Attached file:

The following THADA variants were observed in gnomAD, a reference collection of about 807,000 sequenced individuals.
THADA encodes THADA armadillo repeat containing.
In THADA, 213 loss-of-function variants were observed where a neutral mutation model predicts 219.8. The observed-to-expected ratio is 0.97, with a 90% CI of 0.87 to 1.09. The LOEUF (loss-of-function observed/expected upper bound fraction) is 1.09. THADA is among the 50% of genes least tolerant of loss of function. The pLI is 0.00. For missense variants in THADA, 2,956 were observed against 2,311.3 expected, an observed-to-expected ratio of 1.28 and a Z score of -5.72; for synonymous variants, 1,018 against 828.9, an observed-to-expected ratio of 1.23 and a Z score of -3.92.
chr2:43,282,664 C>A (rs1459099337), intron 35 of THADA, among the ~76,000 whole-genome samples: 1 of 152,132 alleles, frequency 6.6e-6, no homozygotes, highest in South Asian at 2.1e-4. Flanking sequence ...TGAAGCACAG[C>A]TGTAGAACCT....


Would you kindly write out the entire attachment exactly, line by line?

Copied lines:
The following THADA variants were observed in gnomAD, a reference collection of about 807,000 sequenced individuals.
THADA encodes THADA armadillo repeat containing.
In THADA, 213 loss-of-function variants were observed where a neutral mutation model predicts 219.8. The observed-to-expected ratio is 0.97, with a 90% CI of 0.87 to 1.09. The LOEUF (loss-of-function observed/expected upper bound fraction) is 1.09. THADA is among the 50% of genes least tolerant of loss of function. The pLI is 0.00. For missense variants in THADA, 2,956 were observed against 2,311.3 expected, an observed-to-expected ratio of 1.28 and a Z score of -5.72; for synonymous variants, 1,018 against 828.9, an observed-to-expected ratio of 1.23 and a Z score of -3.92.
chr2:43,282,664 C>A (rs1459099337), intron 35 of THADA, among the ~76,000 whole-genome samples: 1 of 152,132 alleles, frequency 6.6e-6, no homozygotes, highest in South Asian at 2.1e-4. Flanking sequence ...TGAAGCACAG[C>A]TGTAGAACCT....